The End (of Cable TV) is Nigh!

I got an email yesterday from Microsoft about my Xbox Live subscription. They are raising their prices for Gold membership:

“Over the past seven years, Xbox LIVE has evolved from an online gaming platform to an all-in-one gaming and entertainment service. As an Xbox LIVE Gold member, you can not only play blockbuster games, such as Halo: Reach with your friends online, you can also stream movies from Netflix and music from Last.fm right to your TV. You can even connect with friends near and far on Facebook® and Twitter™. Plus, you also enjoy exclusive discounts and early access to game demos.

And we aren’t even close to being done. This holiday, Xbox LIVE is adding new Gold features, including ESPN and Video Kinect, with Hulu Plus coming on Xbox LIVE in 2011.

• With ESPN on Xbox LIVE, you can stream and watch over 3,500 live and on-demand sporting events plus highlights.

• Video Kinect allows you to chat with family and friends on the big screen, right from the comfort of your living room—no headset or controller required.

• With Hulu Plus on Xbox LIVE you will be able to enjoy a customized Hulu Plus experience that will include Kinect navigation and Xbox LIVE Parties”

That’s right, soon I will not only play games and stream Netflix on the Xbox, but watch ESPN and Hulu Plus TV programming.

Tomorrow Apple will host an event where it is rumored they will reveal a new iOS based iTV box, replacing the ill fated (but loved by me) Apple TV. It’s not certain they will announce this, but it would make sense with the rest of Apple’s strategy. An app-based iTV box designed to stream video, pictures, audio, and play simple games would fit right into the iOS line. When you add in another rumor that Apple will allow “cloud-based” content streaming to iOS devices, it could be very easy to consume all kinds of media on your TV.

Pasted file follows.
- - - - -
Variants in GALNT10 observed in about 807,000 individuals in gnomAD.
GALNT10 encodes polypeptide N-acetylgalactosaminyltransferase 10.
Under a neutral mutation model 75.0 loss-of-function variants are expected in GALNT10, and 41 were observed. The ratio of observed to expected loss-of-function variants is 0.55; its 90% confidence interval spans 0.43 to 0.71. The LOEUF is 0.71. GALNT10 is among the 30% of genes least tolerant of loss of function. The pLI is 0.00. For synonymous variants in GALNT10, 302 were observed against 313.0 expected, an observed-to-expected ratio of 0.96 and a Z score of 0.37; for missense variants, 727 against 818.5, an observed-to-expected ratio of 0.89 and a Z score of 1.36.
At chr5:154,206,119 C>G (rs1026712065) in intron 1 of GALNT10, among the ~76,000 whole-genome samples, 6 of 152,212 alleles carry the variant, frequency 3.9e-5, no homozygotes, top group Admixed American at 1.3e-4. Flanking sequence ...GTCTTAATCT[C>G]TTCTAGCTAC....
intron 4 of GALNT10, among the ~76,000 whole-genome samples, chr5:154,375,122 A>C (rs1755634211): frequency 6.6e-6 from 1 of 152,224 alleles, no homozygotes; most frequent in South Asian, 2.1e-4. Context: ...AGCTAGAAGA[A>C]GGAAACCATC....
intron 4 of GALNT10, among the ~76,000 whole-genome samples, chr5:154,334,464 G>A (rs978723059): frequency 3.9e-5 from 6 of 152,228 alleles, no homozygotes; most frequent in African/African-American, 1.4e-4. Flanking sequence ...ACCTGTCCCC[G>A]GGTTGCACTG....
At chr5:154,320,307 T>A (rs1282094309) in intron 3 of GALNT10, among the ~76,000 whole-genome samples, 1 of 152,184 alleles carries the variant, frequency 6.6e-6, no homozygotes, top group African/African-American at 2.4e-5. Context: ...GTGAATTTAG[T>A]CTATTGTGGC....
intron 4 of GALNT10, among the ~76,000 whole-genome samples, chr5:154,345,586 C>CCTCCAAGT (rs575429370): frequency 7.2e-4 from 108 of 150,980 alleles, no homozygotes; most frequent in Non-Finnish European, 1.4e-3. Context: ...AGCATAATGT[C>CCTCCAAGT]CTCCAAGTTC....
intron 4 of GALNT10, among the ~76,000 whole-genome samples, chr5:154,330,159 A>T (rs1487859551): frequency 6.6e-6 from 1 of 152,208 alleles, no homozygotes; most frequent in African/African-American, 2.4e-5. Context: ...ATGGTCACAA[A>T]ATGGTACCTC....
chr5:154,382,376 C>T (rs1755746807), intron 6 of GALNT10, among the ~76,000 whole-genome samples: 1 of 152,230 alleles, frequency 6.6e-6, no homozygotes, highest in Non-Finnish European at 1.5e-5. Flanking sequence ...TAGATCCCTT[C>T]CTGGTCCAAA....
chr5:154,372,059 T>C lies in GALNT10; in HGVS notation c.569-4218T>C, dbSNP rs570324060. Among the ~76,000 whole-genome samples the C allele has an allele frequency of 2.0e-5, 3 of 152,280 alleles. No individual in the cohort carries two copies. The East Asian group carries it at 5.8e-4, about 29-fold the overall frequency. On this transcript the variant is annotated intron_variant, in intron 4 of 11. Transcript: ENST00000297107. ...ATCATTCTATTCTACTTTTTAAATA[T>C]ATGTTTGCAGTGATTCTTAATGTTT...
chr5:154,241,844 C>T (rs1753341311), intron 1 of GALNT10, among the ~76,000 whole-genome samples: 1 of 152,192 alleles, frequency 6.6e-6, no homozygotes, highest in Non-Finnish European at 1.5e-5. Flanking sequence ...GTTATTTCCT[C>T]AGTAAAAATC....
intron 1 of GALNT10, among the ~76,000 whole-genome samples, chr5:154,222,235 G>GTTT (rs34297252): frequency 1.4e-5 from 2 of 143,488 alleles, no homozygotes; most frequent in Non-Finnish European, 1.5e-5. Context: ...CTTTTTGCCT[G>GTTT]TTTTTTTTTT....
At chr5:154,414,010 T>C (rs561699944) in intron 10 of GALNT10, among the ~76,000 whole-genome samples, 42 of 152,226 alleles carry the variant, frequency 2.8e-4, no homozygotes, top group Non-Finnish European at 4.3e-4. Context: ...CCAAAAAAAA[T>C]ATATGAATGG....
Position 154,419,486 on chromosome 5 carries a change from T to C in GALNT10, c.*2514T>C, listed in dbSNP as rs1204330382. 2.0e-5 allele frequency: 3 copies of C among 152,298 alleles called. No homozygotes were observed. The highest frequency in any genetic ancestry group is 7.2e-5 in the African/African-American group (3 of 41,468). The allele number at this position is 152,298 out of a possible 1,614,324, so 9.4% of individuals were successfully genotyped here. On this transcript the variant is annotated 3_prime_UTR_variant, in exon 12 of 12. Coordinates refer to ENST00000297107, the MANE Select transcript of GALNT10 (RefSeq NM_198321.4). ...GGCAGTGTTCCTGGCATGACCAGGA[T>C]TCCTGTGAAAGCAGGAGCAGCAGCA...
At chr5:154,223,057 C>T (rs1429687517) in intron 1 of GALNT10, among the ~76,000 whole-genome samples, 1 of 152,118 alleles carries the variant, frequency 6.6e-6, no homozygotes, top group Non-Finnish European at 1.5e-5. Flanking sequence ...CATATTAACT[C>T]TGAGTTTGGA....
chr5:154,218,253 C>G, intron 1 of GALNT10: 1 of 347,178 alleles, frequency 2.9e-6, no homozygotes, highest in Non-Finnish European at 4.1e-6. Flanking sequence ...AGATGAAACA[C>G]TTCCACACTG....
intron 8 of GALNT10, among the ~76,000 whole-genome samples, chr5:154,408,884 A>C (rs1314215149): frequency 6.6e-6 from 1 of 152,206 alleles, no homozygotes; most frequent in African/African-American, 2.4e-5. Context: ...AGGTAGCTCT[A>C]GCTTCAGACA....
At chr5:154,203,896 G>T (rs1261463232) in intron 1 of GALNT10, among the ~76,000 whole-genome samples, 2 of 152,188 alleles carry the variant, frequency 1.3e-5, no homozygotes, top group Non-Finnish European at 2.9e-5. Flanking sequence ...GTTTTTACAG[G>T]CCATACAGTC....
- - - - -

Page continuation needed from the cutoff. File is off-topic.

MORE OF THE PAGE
That’s what has been missing from the conversion from cable to web viewing, simplicity. The average person doesn’t want to figure out how to use a multimedia PC and get the video from websites to stream on their TV. They just want to plug in a box and watch. They need an Xbox or iTV, or Playstation, or boxee box, or blu ray player with streaming capabilities or they won’t switch. Media PCs have been around for years, and never been widely adopted by the masses, not because of their cost, but because of the lack of simplicity.

If people can buy a simple solution to stream the same video content as offered by cable/satellite from the web, they will. It’s niche programming taken to the logical conclusion: pay a low fee, and watch what you want when you want.

All that remains is for local channels to figure out how to deliver through the web, and cable can devote all of it’s bandwidth to on demand and internet traffic. Cable companies wont go out of business, but they won’t offer 300 channels anymore either. Currently, I subscribe the the base cable package of 20 local channels and an internet package. We spend less than 3 hours per week watching cable. We spend many more hours streaming content via the internet connection.

It won’t happen fast, but within a couple years or so cable will find less people paying for the massive channel packages, and more adopting fiber and faster connections to the web. They will have to change their model to survive.

For those of us that deliver content via cable and network channels, we have some strategic thinking to do, and we had better get on it.

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5 thoughts on “The End (of Cable TV) is Nigh!

  1. But imagine if you could watch any show anytime you wanted. Like TIVO, but without having to remember to record it. Just call it up and watch. That is where we are headed.

  2. My wife and I dropped our premium channels and just have basic cable and internet service via Comcast. We’re saving $100 a month and not missing a thing. The kids can watch their favorite shows on PBS and Netflix and I can get ESPN on my Xbox 360.

    We still have cable because we don’t want the hassle of making a OTA antenna work. Also for $2 more we have basic cable because it is bundled with our high speed internet. I can live with $24 a year instead of dealing with installing the antenna.

    We can also leverage video podcasts for the niche programming we would get with our premium channels. Instead of Food Network we stream podcasts like Vendr.TV, Serious Eats and CHOW. With very little work you can create a personal network of shows to watch at almost no cost.

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